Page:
The Candidates: In a Word
View “word clouds” of voters’ impressions of the candidates based on one-word descriptions from a recent Pew survey.
In every recent election the public has accurately picked the winner by this time in the cycle. But not this year.
Cell Phones and the 2008 Vote: An Update
As in two preceding tests, a new survey shows that including cell phone interviews results in slightly more support for Obama and slightly less for McCain.
Financial Fallout Pops Palin Media Bubble, Drives Campaign Coverage
Wall Street’s meltdown raised the possibility that the economy may become the decisive factor in the November election.
How the Media Has Handled Palin’s Faith
Coverage of her religious background and beliefs has often been a peripheral element in the story.
McCain Gains on Issues, But Stalls as Candidate of Change
The race remains close as enthusiasm for McCain increases among GOP base. Somewhat more swing voters (46%) say their greater concern is that McCain will govern too much like President Bush, rather than that Obama lacks experience (37%).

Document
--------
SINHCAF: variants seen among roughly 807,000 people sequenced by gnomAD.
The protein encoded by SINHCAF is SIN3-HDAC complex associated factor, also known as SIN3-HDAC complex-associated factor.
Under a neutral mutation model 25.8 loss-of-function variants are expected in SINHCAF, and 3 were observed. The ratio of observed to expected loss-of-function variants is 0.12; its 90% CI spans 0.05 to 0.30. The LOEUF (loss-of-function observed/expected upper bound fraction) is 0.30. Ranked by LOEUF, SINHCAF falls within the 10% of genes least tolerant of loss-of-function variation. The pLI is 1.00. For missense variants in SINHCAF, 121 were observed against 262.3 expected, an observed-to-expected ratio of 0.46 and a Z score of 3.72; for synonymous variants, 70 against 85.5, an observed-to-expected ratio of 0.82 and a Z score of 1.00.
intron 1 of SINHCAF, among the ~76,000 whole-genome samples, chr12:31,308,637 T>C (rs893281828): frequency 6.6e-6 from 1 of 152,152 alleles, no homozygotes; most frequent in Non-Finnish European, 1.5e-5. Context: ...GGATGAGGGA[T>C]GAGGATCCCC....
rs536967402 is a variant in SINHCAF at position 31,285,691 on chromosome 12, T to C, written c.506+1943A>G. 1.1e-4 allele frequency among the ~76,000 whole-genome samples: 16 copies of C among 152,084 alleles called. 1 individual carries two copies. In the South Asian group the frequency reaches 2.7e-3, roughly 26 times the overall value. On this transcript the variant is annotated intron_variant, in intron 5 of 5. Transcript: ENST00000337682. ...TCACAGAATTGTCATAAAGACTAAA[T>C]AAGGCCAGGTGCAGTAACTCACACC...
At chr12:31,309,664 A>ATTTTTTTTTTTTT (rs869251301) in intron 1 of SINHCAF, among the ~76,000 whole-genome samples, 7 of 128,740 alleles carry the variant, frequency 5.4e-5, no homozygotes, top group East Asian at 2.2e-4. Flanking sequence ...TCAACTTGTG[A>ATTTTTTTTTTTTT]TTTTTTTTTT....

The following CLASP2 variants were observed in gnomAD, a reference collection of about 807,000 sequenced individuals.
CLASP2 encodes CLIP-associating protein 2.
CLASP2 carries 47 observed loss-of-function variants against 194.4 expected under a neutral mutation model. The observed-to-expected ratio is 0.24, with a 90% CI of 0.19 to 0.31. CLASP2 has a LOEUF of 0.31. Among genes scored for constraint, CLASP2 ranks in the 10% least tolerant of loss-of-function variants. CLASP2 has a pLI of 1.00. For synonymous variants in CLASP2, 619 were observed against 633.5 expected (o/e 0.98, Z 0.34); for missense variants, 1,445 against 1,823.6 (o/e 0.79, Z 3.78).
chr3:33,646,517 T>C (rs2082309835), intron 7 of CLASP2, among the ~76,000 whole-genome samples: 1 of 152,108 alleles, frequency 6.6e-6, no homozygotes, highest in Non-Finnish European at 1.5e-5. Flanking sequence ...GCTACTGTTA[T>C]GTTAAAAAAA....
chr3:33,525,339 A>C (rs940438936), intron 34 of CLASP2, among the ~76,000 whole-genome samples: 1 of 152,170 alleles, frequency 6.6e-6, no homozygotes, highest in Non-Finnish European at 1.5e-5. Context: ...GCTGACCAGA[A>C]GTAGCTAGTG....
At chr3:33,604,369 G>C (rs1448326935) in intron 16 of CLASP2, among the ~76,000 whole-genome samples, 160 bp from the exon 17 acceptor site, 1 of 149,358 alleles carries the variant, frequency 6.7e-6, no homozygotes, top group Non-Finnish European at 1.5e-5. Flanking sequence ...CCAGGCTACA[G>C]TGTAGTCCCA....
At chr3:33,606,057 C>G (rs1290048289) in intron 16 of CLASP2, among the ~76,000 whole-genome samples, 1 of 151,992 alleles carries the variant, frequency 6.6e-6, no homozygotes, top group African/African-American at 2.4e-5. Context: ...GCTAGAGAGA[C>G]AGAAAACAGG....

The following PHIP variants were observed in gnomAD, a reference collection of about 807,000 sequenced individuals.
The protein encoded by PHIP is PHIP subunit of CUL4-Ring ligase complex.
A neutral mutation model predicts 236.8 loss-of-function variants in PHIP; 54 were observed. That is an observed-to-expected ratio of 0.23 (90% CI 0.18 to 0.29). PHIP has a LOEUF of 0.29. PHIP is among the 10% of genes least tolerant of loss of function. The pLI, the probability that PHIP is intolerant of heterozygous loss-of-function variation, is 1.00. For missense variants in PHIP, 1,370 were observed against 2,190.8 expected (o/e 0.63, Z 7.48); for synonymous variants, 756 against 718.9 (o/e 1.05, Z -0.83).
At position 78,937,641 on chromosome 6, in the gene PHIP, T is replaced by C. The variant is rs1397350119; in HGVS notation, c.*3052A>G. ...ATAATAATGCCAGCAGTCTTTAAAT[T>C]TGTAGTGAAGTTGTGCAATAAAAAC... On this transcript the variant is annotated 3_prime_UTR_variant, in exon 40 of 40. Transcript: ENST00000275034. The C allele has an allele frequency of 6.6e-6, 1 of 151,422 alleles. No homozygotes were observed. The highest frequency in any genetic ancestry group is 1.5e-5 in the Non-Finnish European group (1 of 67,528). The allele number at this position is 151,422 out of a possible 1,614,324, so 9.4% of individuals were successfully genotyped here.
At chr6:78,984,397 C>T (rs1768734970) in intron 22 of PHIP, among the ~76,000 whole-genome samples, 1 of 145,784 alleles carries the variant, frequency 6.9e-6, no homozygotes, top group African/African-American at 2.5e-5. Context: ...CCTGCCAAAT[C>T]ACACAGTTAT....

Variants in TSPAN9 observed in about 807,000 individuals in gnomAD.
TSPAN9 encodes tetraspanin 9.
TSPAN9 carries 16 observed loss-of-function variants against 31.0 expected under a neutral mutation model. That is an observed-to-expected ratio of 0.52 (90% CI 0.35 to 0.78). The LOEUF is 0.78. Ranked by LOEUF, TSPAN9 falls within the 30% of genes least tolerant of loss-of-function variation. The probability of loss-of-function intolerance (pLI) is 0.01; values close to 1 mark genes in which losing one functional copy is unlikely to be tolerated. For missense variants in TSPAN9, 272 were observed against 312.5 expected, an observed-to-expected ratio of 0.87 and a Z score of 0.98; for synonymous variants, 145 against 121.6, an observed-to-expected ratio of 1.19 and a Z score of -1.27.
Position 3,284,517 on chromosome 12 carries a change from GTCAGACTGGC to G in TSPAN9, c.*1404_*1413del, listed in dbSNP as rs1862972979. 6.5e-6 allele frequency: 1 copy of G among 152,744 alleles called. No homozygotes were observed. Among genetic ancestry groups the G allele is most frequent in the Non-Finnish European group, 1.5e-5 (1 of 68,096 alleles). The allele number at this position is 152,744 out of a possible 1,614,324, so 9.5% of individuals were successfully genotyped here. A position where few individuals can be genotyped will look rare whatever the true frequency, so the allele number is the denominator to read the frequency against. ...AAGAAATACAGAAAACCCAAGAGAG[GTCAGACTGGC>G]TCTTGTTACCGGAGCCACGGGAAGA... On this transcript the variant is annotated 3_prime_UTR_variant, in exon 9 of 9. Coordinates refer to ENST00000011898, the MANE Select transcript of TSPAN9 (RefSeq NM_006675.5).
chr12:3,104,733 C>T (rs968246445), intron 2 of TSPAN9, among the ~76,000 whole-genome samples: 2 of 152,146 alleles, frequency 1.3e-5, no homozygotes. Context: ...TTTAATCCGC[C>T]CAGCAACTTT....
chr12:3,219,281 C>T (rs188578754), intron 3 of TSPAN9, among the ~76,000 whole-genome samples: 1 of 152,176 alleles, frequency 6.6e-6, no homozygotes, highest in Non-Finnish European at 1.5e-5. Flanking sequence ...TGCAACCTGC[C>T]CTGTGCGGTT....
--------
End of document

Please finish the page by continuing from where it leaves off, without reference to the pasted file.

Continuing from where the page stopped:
Palin Comparison: Half of Campaign Storylines Revolve around GOP VP
For the second week in a row, the GOP vice presidential hopeful got more coverage than the man atop the ticket, John McCain. Yet this measure does not fully convey the Palin-centric nature of the news coverage.
Palin Nomination Puts Spotlight on Pentecostalism
From the time she was a teenager until 2002, Republican vice presidential nominee Sarah Palin attended a Pentecostal church , a denomination that emphasizes such practices as speaking in tongues, prophesying, divine healing and other miraculous signs of the Holy Spirit.
The Bounce Effect
There is little doubt that the fall campaign begins in earnest with McCain having gained the momentum. How good an indicator is this of where the electorate is headed on Nov. 4?
Northern Exposure: Palin Dominates Campaign Coverage
For the first time since the general election campaign began, John McCain generated more coverage than Barack Obama. But he was still outshone by another newsmaker — his own running mate.